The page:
ROCHESTER, Minn. — Forced body cooling known as therapeutic hypothermia has reduced in-hospital deaths among sudden cardiac arrest patients nearly 12 percent between 2001 and 2009, according to a Mayo Clinic study being presented at the upcoming American Academy of Neurology 2012 Annual Meeting in New Orleans. The research is among several Mayo abstracts that will be discussed at the conference.
The goal of therapeutic cooling is slowing the body's metabolism and preventing brain damage or death. It is believed that mild therapeutic hypothermia suppresses harmful chemical reactions in the brain and preserves cells. Two key studies published in 2002 found therapeutic hypothermia more effective for sudden cardiac arrest patients than traditional therapies. Mayo researchers analyzed a database covering more than 1 million patients and found mortality rates among in-hospital sudden cardiac arrest patients dropped from 69.6 percent in 2001 — the year before the studies appeared — to 57.8 percent in 2009, the most recent data available.
"Because we reviewed such a large number of cases, we are confident that the reduction in mortality among in-hospital sudden cardiac arrest patients is significant and sustained," says co-author Alejandro Rabinstein, M.D., a Mayo Clinic neurologist. "We continue to seek answers to the questions: Why did this trend develop, and how can we accelerate it," says co-author Jennifer Fugate, D.O.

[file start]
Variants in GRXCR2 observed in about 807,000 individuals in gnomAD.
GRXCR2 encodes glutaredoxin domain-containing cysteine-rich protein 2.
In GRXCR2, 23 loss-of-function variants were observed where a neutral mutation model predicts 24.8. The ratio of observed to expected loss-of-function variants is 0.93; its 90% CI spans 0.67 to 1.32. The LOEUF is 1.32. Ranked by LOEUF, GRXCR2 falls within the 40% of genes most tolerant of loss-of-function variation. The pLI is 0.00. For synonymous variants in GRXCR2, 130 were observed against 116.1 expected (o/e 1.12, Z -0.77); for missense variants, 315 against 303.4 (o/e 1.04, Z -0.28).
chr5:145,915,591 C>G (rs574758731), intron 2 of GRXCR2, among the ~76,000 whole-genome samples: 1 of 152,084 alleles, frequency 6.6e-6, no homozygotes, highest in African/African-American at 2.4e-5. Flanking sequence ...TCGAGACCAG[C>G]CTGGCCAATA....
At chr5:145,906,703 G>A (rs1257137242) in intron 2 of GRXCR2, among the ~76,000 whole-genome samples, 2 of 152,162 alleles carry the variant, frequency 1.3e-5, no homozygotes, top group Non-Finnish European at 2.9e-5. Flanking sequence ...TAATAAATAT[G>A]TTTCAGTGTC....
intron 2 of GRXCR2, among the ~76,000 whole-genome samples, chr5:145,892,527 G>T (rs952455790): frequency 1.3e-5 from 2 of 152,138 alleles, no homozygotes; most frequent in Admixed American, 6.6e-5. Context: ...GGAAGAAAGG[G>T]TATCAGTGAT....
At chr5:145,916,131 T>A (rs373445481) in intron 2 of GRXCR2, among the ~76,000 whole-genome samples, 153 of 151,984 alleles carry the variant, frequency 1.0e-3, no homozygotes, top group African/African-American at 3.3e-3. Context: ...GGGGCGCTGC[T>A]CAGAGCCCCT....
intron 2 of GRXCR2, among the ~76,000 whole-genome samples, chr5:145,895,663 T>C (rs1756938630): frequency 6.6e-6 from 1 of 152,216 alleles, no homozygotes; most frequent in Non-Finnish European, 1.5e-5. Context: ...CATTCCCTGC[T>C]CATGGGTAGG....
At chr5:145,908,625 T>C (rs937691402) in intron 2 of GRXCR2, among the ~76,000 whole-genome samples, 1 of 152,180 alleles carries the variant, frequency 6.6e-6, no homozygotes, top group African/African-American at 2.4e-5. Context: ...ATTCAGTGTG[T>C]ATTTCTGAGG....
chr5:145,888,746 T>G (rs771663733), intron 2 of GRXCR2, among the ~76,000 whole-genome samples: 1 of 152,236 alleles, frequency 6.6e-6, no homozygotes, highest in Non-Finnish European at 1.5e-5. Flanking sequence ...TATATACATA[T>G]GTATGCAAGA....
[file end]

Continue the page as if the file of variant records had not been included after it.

These measures are important because disease accumulates in the cortex over time, and inflammation in the cortex is a sign the disease has progressed.
Other studies being presented at AAN include:
Structured resident sign-out during shift changes improves patient care: In the study, junior residents in Mayo Clinic's General Neurology, Stroke and Neurologic Intensive Care Units spent the first half of their rotations using unstructured sign-out approaches and transitioned to a structured system for the second half. The residents reported that the standardized sign-out improved communication substantially, including information on pertinent past medical history, pending lab tests, recommendations on how to handle nursing and pharmacy calls, and up-to-date code status. Residents using standardized sign-out were also more likely to share test results with patients and their families prior to shift changes. This led to a significant increase in overall satisfaction with the sign-out process.
"This study is particularly timely now, when residency programs are adjusting to new duty-hour restrictions established in 2010," says lead author Brian Moseley, M.D., a Mayo Clinic neurology resident and Assistant Professor of Neurology. "When you have hand-offs because of the duty restrictions, unless the communication is good, there is a lot of opportunity for error," says Jeffrey Britton, M.D., a Mayo Clinic neurologist and study co-author. "This structured method seems to both prevent the error, but also make the patient and their family feel comfortable that this important communication is happening," says Dr. Britton.